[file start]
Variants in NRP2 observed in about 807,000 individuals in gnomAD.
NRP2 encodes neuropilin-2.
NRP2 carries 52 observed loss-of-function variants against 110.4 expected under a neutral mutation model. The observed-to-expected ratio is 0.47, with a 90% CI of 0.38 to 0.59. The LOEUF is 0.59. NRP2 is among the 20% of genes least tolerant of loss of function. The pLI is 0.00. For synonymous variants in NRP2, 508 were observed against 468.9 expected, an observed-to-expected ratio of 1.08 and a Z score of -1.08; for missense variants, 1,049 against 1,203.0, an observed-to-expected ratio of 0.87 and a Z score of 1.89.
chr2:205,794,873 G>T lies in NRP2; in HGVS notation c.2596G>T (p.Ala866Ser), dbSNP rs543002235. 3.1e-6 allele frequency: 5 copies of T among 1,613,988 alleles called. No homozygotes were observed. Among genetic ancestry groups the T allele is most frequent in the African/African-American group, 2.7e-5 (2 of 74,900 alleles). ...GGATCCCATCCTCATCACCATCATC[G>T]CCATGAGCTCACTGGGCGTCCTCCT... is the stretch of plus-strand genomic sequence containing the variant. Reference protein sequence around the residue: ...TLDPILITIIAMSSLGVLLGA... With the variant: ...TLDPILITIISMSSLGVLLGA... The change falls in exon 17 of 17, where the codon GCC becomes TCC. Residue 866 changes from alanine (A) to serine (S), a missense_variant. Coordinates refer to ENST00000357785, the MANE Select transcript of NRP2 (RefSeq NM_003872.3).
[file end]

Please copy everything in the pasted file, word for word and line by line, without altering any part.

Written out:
Variants in NRP2 observed in about 807,000 individuals in gnomAD.
NRP2 encodes neuropilin-2.
NRP2 carries 52 observed loss-of-function variants against 110.4 expected under a neutral mutation model. The observed-to-expected ratio is 0.47, with a 90% CI of 0.38 to 0.59. The LOEUF is 0.59. NRP2 is among the 20% of genes least tolerant of loss of function. The pLI is 0.00. For synonymous variants in NRP2, 508 were observed against 468.9 expected, an observed-to-expected ratio of 1.08 and a Z score of -1.08; for missense variants, 1,049 against 1,203.0, an observed-to-expected ratio of 0.87 and a Z score of 1.89.
chr2:205,794,873 G>T lies in NRP2; in HGVS notation c.2596G>T (p.Ala866Ser), dbSNP rs543002235. 3.1e-6 allele frequency: 5 copies of T among 1,613,988 alleles called. No homozygotes were observed. Among genetic ancestry groups the T allele is most frequent in the African/African-American group, 2.7e-5 (2 of 74,900 alleles). ...GGATCCCATCCTCATCACCATCATC[G>T]CCATGAGCTCACTGGGCGTCCTCCT... is the stretch of plus-strand genomic sequence containing the variant. Reference protein sequence around the residue: ...TLDPILITIIAMSSLGVLLGA... With the variant: ...TLDPILITIISMSSLGVLLGA... The change falls in exon 17 of 17, where the codon GCC becomes TCC. Residue 866 changes from alanine (A) to serine (S), a missense_variant. Coordinates refer to ENST00000357785, the MANE Select transcript of NRP2 (RefSeq NM_003872.3).